G Protein–Coupled Receptors, Cholinergic Dysfunction, and Aβ Toxicity in Alzheimer’s Disease

Sci. Signal.  20 Oct 2009:
Vol. 2, Issue 93, pp. re8
DOI: 10.1126/scisignal.293re8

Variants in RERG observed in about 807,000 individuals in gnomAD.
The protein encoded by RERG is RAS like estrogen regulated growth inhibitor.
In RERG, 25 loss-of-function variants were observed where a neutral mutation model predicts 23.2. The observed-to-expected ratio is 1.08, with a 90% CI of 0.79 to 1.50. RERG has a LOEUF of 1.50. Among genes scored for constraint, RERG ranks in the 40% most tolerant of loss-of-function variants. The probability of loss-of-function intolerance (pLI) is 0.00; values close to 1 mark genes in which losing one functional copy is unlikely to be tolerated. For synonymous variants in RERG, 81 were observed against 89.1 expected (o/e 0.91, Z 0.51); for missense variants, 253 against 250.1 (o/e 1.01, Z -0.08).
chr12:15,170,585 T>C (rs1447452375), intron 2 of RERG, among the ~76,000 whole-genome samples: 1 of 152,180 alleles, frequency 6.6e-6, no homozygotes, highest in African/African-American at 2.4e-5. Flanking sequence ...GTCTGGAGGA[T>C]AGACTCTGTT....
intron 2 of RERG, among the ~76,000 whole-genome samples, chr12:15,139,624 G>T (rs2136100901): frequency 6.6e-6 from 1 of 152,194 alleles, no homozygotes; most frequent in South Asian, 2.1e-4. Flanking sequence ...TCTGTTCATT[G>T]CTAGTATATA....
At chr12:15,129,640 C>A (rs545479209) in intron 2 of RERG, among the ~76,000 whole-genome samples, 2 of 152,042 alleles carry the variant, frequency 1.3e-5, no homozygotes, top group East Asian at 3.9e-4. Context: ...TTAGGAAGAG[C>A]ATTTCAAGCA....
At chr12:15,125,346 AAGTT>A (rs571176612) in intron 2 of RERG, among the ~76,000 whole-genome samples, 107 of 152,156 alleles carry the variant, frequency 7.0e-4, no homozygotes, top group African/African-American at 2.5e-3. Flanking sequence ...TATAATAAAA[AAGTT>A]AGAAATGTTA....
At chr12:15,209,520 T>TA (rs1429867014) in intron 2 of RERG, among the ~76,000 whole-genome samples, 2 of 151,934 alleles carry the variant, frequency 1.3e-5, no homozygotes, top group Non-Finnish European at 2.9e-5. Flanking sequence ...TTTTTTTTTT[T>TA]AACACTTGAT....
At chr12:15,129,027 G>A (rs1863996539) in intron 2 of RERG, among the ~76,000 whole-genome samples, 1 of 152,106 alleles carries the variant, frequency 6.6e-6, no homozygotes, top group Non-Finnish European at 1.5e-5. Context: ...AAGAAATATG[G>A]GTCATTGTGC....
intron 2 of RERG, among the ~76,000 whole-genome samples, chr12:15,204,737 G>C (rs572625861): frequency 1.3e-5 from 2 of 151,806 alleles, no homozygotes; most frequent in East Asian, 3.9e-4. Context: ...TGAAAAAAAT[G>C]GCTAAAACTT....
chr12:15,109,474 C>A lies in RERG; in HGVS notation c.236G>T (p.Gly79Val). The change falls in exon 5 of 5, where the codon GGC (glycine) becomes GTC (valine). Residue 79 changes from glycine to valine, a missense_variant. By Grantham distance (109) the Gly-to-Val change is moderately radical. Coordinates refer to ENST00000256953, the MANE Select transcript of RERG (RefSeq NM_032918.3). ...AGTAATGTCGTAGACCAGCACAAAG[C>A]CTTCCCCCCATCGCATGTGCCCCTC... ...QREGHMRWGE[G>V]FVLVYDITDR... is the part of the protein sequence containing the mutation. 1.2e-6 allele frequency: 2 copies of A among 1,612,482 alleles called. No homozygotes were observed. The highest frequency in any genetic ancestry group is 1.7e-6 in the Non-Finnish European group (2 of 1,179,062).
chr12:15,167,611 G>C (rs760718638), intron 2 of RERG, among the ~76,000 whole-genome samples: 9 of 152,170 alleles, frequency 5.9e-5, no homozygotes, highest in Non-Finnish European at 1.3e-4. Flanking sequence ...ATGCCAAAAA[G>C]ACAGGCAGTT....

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Alzheimer’s disease (AD) is the most common neurodegenerative disorder afflicting the elderly. Neuropathologically, the AD brain is characterized by amyloid plaques, which are mainly composed of the β-amyloid protein (Aβ) and neurofibrillary tangles (NFTs), which are comprised of hyperphosphorylated aggregates of the tau protein. Few treatments are available, but acetylcholinesterase inhibitors, which increase acetylcholine concentrations in the brain, provide some beneficial effects. Abnormal accumulation of Aβ in the brain is believed to drive disease progression. Although the mechanism of Aβ-mediated toxicity is not clearly understood, new studies provide insight into the effect that Aβ accumulation has on the clustering of a heterotrimeric GTP-binding protein (G protein)–coupled receptor (GPCR), the angiotensin type 2 (AT2) receptor, and the resulting effect on the Gαq/11 family of G proteins, which facilitate GPCR downstream signaling cascades. Assemblies of the AT2 receptor sequester Gαq/11, preventing it from initiating signaling cascades mediated by other GPCRs. The resulting reduction in Gαq/11 binding and signaling by the M1 muscarinic acetylcholine receptor (mAChR) has now been shown to accompany neurodegeneration in an AD mouse model. Thus, these studies provide a potential link between Aβ toxicity, AT2 receptor clustering, and disruption of the M1 mAChR and Gαq/11 signaling pathways, and they contribute to our understanding of the pathogenesis of AD. This Review with 1 figure and 100 citations highlights GPCR-mediated mechanisms of Aβ-induced toxicity in AD.